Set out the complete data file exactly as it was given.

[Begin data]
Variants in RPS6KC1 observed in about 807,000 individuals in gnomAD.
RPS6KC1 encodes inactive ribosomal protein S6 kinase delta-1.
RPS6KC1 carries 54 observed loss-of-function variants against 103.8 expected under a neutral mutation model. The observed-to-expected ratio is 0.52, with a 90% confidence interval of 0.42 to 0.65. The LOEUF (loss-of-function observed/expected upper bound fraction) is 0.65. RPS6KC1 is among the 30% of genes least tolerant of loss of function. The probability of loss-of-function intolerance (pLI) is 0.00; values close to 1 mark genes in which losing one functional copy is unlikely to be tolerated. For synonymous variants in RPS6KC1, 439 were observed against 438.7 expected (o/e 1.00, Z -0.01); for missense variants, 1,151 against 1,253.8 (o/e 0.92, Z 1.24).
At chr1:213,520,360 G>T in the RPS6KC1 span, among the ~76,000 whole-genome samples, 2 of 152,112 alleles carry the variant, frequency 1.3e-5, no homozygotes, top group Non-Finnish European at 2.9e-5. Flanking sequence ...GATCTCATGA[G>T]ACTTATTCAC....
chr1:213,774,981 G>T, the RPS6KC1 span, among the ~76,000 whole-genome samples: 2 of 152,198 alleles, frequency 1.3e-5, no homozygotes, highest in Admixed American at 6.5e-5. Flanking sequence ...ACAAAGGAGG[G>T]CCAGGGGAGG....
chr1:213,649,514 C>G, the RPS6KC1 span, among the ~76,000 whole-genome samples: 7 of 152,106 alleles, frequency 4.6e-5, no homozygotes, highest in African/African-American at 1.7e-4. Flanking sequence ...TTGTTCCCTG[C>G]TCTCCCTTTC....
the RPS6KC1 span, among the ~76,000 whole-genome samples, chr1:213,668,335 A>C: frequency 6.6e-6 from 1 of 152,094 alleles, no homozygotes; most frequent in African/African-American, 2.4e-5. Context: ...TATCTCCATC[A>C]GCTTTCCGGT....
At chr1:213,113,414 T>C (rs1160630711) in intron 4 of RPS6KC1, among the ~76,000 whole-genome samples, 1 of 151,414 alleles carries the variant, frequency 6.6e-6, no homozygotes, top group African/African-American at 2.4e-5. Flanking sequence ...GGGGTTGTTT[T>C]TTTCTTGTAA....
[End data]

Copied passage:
Variants in RPS6KC1 observed in about 807,000 individuals in gnomAD.
RPS6KC1 encodes inactive ribosomal protein S6 kinase delta-1.
RPS6KC1 carries 54 observed loss-of-function variants against 103.8 expected under a neutral mutation model. The observed-to-expected ratio is 0.52, with a 90% confidence interval of 0.42 to 0.65. The LOEUF (loss-of-function observed/expected upper bound fraction) is 0.65. RPS6KC1 is among the 30% of genes least tolerant of loss of function. The probability of loss-of-function intolerance (pLI) is 0.00; values close to 1 mark genes in which losing one functional copy is unlikely to be tolerated. For synonymous variants in RPS6KC1, 439 were observed against 438.7 expected (o/e 1.00, Z -0.01); for missense variants, 1,151 against 1,253.8 (o/e 0.92, Z 1.24).
At chr1:213,520,360 G>T in the RPS6KC1 span, among the ~76,000 whole-genome samples, 2 of 152,112 alleles carry the variant, frequency 1.3e-5, no homozygotes, top group Non-Finnish European at 2.9e-5. Flanking sequence ...GATCTCATGA[G>T]ACTTATTCAC....
chr1:213,774,981 G>T, the RPS6KC1 span, among the ~76,000 whole-genome samples: 2 of 152,198 alleles, frequency 1.3e-5, no homozygotes, highest in Admixed American at 6.5e-5. Flanking sequence ...ACAAAGGAGG[G>T]CCAGGGGAGG....
chr1:213,649,514 C>G, the RPS6KC1 span, among the ~76,000 whole-genome samples: 7 of 152,106 alleles, frequency 4.6e-5, no homozygotes, highest in African/African-American at 1.7e-4. Flanking sequence ...TTGTTCCCTG[C>G]TCTCCCTTTC....
the RPS6KC1 span, among the ~76,000 whole-genome samples, chr1:213,668,335 A>C: frequency 6.6e-6 from 1 of 152,094 alleles, no homozygotes; most frequent in African/African-American, 2.4e-5. Context: ...TATCTCCATC[A>C]GCTTTCCGGT....
At chr1:213,113,414 T>C (rs1160630711) in intron 4 of RPS6KC1, among the ~76,000 whole-genome samples, 1 of 151,414 alleles carries the variant, frequency 6.6e-6, no homozygotes, top group African/African-American at 2.4e-5. Flanking sequence ...GGGGTTGTTT[T>C]TTTCTTGTAA....